Pete Alonso says Mets' success -- not his own -- will define his legacy in Queens

PORT ST. LUCIE, Fla. – It’s clear that if Pete Alonso remains a Met after this season and continues to pummel home runs the way he has in his young career, he’ll ascend to some pretty rarefied places in Mets lore. He might eventually be known as the best position player in club history.

So, recently at Mets camp, we asked Alonso if he’s thought about that idea as he enters what is obviously a pivotal year in his career (The slugging first baseman, you might have heard, will be a free agent after the 2024 season). Or if anyone ever brings up that concept to him. 

"No, no one's really asked me about it," Alonso said. "I just show up and play. I work hard and just want to be all I can be every single day. Wherever I am on lists or record books, it’s honestly really nice. It’s really cool. But the thing that I really care the most about is having a positive impact on my teammates and having a great relationship with the people who I see and work with every day. 

"I love going to play every single night with this group and representing the city."

Fair enough. But a little deeper into a conversation about team history, when some of the boldface Met names are mentioned to him, Alonso allows that he looks at players such as David Wright, Carlos Beltrán and others and thinks about them in a certain way. 

Not where they might fall in any franchise ranking. "Not their numbers, but what I look at is the role they played on each team," Alonso said. "Obviously, David was extremely influential here, being the captain and being on different playoff teams. And in that World Series run in 2015. I mean, he’s obviously huge.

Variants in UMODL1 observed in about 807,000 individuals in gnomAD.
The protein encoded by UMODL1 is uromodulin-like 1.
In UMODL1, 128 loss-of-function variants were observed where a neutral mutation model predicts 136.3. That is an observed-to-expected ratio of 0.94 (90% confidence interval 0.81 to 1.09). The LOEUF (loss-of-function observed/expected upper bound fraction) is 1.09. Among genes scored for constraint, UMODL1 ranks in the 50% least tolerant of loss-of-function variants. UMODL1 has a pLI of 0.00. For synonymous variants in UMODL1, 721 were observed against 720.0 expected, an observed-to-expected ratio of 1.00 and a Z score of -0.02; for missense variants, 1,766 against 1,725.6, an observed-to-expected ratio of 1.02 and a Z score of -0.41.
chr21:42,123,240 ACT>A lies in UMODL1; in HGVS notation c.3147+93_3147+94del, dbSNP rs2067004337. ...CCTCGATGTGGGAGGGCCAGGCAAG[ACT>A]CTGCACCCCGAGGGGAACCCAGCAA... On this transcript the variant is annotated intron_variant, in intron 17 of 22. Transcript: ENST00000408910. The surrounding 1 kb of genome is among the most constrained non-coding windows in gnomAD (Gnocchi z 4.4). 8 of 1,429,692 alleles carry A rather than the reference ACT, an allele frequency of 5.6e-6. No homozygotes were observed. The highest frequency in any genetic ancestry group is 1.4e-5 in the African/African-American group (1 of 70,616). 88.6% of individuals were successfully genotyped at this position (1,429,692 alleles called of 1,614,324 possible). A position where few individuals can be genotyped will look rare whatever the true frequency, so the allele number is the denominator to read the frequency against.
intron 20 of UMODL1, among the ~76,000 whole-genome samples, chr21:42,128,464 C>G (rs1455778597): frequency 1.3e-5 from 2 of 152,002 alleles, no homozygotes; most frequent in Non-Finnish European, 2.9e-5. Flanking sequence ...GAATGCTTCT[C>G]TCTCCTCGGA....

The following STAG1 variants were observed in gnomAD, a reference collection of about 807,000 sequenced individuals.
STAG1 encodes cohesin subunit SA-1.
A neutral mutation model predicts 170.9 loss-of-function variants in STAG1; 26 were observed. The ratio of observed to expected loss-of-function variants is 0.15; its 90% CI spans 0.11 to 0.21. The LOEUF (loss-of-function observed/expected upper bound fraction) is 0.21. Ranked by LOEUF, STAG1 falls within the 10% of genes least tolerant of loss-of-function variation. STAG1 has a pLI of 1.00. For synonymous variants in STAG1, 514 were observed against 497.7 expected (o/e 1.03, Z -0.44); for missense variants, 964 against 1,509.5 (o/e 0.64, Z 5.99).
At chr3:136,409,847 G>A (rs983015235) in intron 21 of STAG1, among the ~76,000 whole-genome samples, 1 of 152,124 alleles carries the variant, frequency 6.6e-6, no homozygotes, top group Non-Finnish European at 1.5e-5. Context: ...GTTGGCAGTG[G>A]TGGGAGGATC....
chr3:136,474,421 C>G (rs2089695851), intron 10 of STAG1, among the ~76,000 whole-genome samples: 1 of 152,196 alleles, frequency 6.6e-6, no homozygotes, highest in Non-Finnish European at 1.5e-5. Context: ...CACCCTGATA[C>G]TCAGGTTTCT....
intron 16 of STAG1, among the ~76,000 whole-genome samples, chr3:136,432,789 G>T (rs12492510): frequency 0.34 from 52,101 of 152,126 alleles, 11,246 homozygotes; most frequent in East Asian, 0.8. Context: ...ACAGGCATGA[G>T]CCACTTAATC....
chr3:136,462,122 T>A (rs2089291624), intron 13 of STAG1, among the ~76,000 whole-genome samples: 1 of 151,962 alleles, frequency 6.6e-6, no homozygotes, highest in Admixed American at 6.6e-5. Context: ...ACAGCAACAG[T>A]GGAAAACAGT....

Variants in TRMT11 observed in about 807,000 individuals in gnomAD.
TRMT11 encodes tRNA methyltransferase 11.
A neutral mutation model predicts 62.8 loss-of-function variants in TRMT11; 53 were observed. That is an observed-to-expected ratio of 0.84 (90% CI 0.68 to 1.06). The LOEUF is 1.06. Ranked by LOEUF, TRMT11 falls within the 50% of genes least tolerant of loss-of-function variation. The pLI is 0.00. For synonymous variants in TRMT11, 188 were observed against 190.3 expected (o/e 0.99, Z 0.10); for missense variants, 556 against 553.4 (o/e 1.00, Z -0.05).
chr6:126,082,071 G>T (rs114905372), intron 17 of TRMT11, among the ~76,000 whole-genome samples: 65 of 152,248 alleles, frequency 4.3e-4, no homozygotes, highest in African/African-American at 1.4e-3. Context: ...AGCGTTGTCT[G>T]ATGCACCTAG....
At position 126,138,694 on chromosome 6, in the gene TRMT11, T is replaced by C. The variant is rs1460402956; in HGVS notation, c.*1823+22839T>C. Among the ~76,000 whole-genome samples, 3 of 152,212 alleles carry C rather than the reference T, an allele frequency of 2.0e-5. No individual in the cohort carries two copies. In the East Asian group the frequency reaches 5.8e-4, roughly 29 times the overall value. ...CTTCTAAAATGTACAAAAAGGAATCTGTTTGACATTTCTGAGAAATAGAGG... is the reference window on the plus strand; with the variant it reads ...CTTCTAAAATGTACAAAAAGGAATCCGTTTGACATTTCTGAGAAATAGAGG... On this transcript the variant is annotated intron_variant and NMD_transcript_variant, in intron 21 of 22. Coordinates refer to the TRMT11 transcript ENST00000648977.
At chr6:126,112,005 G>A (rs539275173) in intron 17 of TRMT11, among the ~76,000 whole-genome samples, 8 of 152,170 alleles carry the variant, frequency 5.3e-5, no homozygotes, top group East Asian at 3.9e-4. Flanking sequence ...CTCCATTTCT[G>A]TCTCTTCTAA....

"Carlos, just super influential and just an incredible, incredible player here. Those guys mean so much to so many people because they were part of teams that won. And, obviously, Straw (Darryl Strawberry), as well. 

"Straw, Keith (Hernandez) and HoJo (Howard Johnson), the common denominator with those guys is that they were parts of absolute epic teams and epic runs and a part of great seasons and that's what people love. People don't just remember the individual performances. They remember the team effort. They remember the experience of what it was like having those special star players and then also experiencing those awesome winning seasons."

That, Alonso says, is what he wants. "I want to be on a team like that," he said. "2022 was so incredible because so many people were kept captivated and just so enthralled and super prideful of not just being a New Yorker, but being a Mets fan as well. That’s what I want to do, every single day.

"Having a taste of that, and then also having a taste of the WBC (the 2023 World Baseball Classic, when Alonso was on runner-up Team USA), playing in those high-leverage games, those meaningful games. That’s what, as a kid, you dream about. As a big leaguer, that’s what you work for. That’s what you strive for during the regular season. 

"You want to be in that moment, because that’s what this is all for."